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Bhopal Madhya Pradesh

Bhopal - The Destination

Bhopal City

Bhopal, the capital of Madhya Pradesh, is an interesting blend of scenic beauty, historicity and modern urban planning. It is situated on the site of an 11th century city, Bhojapal, founded by Raja Bhoja. The founder of the existing city was however an Afghan soldier of fortune, Dost Mohammed. Fleeing from Delhi in the chaotic period that followed Aurangazeb's death, Dost Mohammed encountered the beautiful Gond queen Kamalapati, who sought his aid after the murder of her consort.

A  charming legend  relates how the  queen would  rest on lotus barge,

that on moonlit nights, would drift across the lake. The two lakes of Bhopal still dominate the city, and are indeed its nucleus. Little wonder then that Bhopal is called the City of Lakes. The city itself sits on the banks of a vast lake spanning almost 10 square miles, which dominates the landscape and gives it a magnetic, mesmerizing quality. The tranquility of the lake is perhaps responsible for the calm, laid-back attitude that pervades the entire city. Bordered along their shores stand silent sentinels that testify to the growth of a city.

Once a small, sleepy town with lush forests and relaxed days filled with shatranj (chess), of shikar (hunting), picnics, and quiet fishing trips. Bhopal today offers a versatile profile; the old city with its teeming market places and fine old mosques and palaces still bears the aristocratic impression of its former rulers, among them the succession of powerful Begums who ruled Bhopal from 1819 to 1926. Equally impressive is the new city with its verdant, exquisitely laid out parks and gardens, broad avenues and streamlined modern edifices and wide, clean, well-lit roads lined with bright, Gulmohar trees.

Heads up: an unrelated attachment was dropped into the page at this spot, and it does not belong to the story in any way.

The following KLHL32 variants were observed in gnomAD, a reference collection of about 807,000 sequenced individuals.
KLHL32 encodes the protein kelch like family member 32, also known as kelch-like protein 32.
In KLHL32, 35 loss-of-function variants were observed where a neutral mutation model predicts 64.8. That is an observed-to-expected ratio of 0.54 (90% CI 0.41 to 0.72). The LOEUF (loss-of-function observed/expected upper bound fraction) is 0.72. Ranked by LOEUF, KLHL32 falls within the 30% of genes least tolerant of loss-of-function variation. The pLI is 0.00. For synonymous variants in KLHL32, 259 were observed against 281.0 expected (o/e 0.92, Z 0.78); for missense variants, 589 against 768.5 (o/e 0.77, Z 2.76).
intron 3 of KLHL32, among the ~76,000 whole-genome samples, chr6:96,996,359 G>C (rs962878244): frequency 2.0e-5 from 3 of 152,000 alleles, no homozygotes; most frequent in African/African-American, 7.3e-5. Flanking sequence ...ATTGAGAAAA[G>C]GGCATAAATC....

A trip around the walled city of Bhopal reminds you of the charm of the lives led by the Nawabs and Begums at yore. The mosques and the temples evoke the curiosity of onlookers. Among other attractions is the Laxmi Narayan Temple situated to the south of the Lower Lake on the Arera Hills. The Moti Masjid, built by Sikander Jahan Begum in 1860 A.D., is similar in style to Delhi's Jama Masjid, and has two dark red minarets crowned by golden spikes. The Taj-ul Masjid is a huge pink mosque with two massive white-domed minarets. The Shaukat Mahal, situated in the heart of the walled city, is built in an European style rather than the predominantly Islamic architecture of the area. Nearby is the Sadar Manzil, what used to be the hall of public audience of the former rulers of Bhopal. Besides, the Upper and Lower Lakes, and the adjoining zoo called Van Vihar, are well worth a visit while on a trip to this city of lakes.

Bhopal - Facts at a Glance

State : Madhya Pradesh
Area : 284.9 sq kms
Temperature : 3 C – 42 C
Rainfall : 60 inches
Altitude : 523 mts
Language : Hindi, Urdu, English
Best Season : October - March

History of Bhopal

The history of Bhopal dates back to the 11th century A.D., when the legendary King Bhoj built it. It is believed that the name Bhopal is a distortion of the founder's name. However, the region soon came under Mughal rule and remained a part of that empire till the death of the Emperor Aurangzeb in 1707 A.D.

After a few years of turmoil, the small princely state of Bhopal and the present-day city, was founded by an Afghan soldier called Dost Mohammad in A.D. 1723. He is said to have assisted Rani Kamalapathi, the queen of the Gond tribals of the Norbada region, in protecting her territory from the attacks at the Rajput Thakurs. Due to the lack of capable male rulers, the Begums of the royal family ruled Bhopal for close to almost a 100 years after that. The Begums were deeply religious and conservative, led very austere lives, and were keenly interested in the administrative aspects of the state. The third Begum, Nawab Sultan Jahan, was one of the most able rulers of the state.

Her son Nawab Hamidullah ascended the masnad (throne) in A.D. 1926, and was deeply involved in the political developments of his time. He had believed it imperative for the princes to remain united during Partition and advocated this strongly in his capacity as Chancellor of the Chamber of Princes. Bhopal was one of the last states to sign the 'Instrument of Accession' in A.D. 1947. Thus, it was under him that Bhopal's transformed from a sleepy town into a major developing metropolis.
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